Given that dental implants are not inert biomaterials, histologic evidence has demonstrated a series of specific cell lines that are consistent with a foreign body reaction in contradistinction to the presumed cellular cascade in so-called peri-implantitis.5 A similar intransigent mindset underscores the sad fact that it took 17 years for tilted implants to be embraced as a viable alternative to augmentation.6 The dentally driven notion that nonaxial forces could lead to marginal bone loss of implants also delayed a better understanding of an induced ankylotic-like interface. A similar mindset protracted the acceptance of short implants after the introduction of implant surface modifications.7 Moreover, crown-to-root ratio dogmas were transferred to crown-to-implant ratios. It is only recently that researchers have demonstrated that crown-to-implant ratios up to 2.5 do not generate marginal bone loss,8 while anachronistic maxims continued to be supported by in vitro studies. For more than two decades, splinting of posterior implants in partially edentulous patients was considered preferential to solitary units because it was “safer,” as a 2008 finite element analysis demonstrated that splinting reduces the damage evolution in bone tissue.9 Despite the low level of evidence, this bench study gained traction because it seemed intuitive. It was not until Paolo Vigolo10,11 conducted 5- and 10-year split-mouth clinical studies revealing virtually no difference in marginal bone loss in the posterior maxilla with splinted and nonsplinted implant restorations that the practice of default splinting was questioned. Likewise, a 2016 finite element analysis assessing three-unit cantilever fixed implant prostheses documented that the cantilever extension can transfer excessive load to the bone around implants, leading to bone resorption.12 However, this flies in the face of 5-year clinical data establishing the success of posterior implant cantilever prostheses.13 Once again, the halo effect from the tooth-borne restorative playbook altered the perception of data. It is of note that acceptance of outcome-based implant restorative canons may reduce treatment cost, time, morbidity, and/or risk. The patient becomes the beneficiary as we discard familiar but irrelevant notions. With that hanging in the balance, what would foster a nimble thought process in response to innovation?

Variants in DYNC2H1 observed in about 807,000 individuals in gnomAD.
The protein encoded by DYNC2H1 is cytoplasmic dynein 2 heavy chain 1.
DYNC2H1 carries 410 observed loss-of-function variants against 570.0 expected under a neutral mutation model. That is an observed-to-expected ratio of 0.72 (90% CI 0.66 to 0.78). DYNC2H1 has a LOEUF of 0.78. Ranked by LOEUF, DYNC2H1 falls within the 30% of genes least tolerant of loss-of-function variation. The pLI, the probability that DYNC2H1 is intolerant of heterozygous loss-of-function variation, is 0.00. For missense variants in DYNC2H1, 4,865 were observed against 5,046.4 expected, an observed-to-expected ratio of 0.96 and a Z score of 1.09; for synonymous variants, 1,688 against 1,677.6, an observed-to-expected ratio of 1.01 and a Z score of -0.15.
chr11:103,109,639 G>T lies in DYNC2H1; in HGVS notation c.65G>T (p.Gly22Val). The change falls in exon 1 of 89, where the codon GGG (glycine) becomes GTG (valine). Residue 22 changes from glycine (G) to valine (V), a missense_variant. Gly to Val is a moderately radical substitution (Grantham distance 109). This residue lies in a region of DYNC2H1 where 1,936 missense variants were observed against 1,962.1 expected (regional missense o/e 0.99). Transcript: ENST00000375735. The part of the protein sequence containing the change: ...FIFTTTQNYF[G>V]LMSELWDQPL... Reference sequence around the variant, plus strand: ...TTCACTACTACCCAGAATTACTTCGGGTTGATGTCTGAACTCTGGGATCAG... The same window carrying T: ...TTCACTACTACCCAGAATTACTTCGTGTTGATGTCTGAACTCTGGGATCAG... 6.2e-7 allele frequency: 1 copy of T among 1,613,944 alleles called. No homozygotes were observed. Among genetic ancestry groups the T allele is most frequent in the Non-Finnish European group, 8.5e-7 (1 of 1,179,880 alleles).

Karen Becker’s studies bridged the gap between research and practice. She posited that sustaining change from innovation requires unlearning, a “process by which individuals and organizations acknowledge and release prior knowledge (assumptions and mental frameworks) in order to accommodate new information.” Factors that can influence a faculty’s unlearning in an academic environment have already been compellingly identified.14 They involve making a strong case for why a new system is proposed. Individual faculties can lead the way here, and my own dental school has already embarked on an intensive faculty training program in evidence-based implant treatment planning rationales. Learning aids supplement our course and enhance the application of new information while addressing individual staff feelings and expectations during change implementation. It is a given that the emotional component of accepting new systems that inevitably affect established routines must not be overlooked. Finally, participating faculty’s responses need to be recruited in the evaluation of the new system after its adoption. Constructive feedback encourages personal investment with suggestions for improvement and future research.